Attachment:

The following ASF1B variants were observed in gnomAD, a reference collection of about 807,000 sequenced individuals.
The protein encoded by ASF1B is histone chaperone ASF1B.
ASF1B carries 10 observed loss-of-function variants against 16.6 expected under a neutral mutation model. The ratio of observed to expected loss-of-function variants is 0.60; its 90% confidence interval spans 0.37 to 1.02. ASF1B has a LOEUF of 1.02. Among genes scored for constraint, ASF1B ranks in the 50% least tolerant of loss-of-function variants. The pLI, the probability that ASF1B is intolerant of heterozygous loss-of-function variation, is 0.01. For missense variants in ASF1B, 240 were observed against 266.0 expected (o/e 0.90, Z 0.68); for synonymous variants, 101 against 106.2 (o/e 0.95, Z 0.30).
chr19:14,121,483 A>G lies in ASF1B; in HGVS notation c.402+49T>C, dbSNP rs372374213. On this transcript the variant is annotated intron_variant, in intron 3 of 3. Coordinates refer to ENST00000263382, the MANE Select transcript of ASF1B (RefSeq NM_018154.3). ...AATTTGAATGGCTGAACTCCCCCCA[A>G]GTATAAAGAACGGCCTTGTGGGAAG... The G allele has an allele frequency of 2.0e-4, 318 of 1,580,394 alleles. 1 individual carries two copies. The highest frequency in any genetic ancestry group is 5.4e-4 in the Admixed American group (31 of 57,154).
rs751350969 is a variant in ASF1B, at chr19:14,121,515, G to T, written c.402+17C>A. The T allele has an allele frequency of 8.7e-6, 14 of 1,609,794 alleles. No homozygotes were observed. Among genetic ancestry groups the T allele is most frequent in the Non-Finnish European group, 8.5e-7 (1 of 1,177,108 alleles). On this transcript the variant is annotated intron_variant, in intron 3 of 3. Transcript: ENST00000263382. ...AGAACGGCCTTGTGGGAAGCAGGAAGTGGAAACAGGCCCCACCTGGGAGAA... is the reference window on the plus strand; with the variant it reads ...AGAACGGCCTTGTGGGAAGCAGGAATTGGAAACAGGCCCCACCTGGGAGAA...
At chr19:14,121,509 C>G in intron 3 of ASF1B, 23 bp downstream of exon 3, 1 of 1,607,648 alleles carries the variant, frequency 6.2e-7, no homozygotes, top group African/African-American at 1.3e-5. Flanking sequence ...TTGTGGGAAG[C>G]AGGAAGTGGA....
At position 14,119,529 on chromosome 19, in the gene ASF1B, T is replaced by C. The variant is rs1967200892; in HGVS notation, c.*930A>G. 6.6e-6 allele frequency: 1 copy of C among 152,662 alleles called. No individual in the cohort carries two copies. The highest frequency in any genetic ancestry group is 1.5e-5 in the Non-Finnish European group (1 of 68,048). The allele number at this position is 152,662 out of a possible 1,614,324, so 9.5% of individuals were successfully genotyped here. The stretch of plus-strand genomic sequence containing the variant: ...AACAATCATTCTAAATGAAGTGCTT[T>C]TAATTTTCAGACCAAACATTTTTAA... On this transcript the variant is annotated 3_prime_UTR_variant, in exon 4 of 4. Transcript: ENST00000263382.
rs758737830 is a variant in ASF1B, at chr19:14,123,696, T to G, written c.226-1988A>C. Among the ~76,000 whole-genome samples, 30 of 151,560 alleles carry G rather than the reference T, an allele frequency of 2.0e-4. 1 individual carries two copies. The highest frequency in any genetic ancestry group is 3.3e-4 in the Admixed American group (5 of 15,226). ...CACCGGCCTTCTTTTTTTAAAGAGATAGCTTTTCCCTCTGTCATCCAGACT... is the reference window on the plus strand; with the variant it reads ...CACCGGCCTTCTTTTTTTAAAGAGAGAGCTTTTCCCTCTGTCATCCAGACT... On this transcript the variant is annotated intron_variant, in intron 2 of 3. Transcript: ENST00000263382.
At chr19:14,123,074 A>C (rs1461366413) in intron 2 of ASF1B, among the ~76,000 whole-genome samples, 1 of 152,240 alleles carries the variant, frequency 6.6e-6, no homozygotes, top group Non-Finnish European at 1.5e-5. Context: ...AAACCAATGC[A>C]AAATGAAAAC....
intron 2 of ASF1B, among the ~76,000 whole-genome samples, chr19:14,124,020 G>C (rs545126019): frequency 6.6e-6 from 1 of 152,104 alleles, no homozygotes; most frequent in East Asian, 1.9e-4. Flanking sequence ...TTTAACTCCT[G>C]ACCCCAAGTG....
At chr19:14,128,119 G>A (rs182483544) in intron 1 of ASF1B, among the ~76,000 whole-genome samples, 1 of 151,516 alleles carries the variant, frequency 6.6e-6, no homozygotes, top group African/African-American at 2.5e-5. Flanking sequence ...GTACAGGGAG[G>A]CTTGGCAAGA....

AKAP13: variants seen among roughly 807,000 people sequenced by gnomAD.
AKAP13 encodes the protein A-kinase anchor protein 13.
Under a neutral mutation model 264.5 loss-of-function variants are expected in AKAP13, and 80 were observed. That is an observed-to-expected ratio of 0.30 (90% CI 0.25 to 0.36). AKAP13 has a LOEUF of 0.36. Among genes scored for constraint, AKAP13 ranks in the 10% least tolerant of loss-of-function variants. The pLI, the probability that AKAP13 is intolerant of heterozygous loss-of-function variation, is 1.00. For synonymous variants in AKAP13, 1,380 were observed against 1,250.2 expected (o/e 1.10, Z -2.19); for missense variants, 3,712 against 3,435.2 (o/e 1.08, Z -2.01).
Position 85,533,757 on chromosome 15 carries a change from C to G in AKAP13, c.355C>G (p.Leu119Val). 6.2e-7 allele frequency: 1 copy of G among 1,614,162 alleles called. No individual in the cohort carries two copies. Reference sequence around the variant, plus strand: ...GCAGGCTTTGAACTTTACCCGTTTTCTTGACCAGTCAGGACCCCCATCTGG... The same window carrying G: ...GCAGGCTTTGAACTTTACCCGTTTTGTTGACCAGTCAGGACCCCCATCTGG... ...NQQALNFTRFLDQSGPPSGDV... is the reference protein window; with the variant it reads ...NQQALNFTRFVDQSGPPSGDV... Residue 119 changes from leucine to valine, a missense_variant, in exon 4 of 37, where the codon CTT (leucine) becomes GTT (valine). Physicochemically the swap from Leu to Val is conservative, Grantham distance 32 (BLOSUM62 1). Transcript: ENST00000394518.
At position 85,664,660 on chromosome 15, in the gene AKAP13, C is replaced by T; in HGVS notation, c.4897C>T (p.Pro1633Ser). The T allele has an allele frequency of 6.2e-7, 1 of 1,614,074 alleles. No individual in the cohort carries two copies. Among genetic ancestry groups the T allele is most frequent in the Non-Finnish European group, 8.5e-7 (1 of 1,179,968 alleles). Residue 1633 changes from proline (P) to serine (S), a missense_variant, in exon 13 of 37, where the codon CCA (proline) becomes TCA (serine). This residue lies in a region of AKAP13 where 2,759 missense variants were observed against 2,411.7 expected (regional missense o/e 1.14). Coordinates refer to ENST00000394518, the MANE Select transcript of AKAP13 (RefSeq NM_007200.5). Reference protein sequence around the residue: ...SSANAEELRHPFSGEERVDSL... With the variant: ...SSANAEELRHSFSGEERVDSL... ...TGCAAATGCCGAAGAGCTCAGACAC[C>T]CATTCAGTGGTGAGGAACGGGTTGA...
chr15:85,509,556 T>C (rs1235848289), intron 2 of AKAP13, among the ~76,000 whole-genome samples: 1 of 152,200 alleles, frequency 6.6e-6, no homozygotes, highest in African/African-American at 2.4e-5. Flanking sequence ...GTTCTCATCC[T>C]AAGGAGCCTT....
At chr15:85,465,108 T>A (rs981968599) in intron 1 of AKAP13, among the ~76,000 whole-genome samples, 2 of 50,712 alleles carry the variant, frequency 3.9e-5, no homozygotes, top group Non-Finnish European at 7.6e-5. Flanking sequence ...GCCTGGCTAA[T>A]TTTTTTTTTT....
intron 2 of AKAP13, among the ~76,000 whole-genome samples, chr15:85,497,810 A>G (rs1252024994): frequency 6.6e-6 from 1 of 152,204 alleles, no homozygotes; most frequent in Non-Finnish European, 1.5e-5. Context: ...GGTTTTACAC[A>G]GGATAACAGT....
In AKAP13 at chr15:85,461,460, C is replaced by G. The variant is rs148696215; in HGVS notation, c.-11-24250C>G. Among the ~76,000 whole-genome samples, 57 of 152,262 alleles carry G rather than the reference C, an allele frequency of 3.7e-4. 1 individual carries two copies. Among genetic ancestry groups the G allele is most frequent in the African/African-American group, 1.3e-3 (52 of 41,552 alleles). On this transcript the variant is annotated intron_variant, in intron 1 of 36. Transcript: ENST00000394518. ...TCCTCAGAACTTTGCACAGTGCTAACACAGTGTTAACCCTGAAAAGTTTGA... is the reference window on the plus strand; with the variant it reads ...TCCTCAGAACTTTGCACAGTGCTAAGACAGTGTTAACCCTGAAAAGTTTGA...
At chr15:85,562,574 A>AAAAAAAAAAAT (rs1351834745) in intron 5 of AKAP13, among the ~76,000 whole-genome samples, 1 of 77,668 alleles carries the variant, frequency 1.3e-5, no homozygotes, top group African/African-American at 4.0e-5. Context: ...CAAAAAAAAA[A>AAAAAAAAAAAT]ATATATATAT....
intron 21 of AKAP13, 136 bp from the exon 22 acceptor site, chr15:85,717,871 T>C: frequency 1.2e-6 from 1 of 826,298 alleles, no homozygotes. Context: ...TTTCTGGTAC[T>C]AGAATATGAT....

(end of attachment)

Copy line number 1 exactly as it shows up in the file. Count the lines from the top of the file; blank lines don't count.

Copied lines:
The following ASF1B variants were observed in gnomAD, a reference collection of about 807,000 sequenced individuals.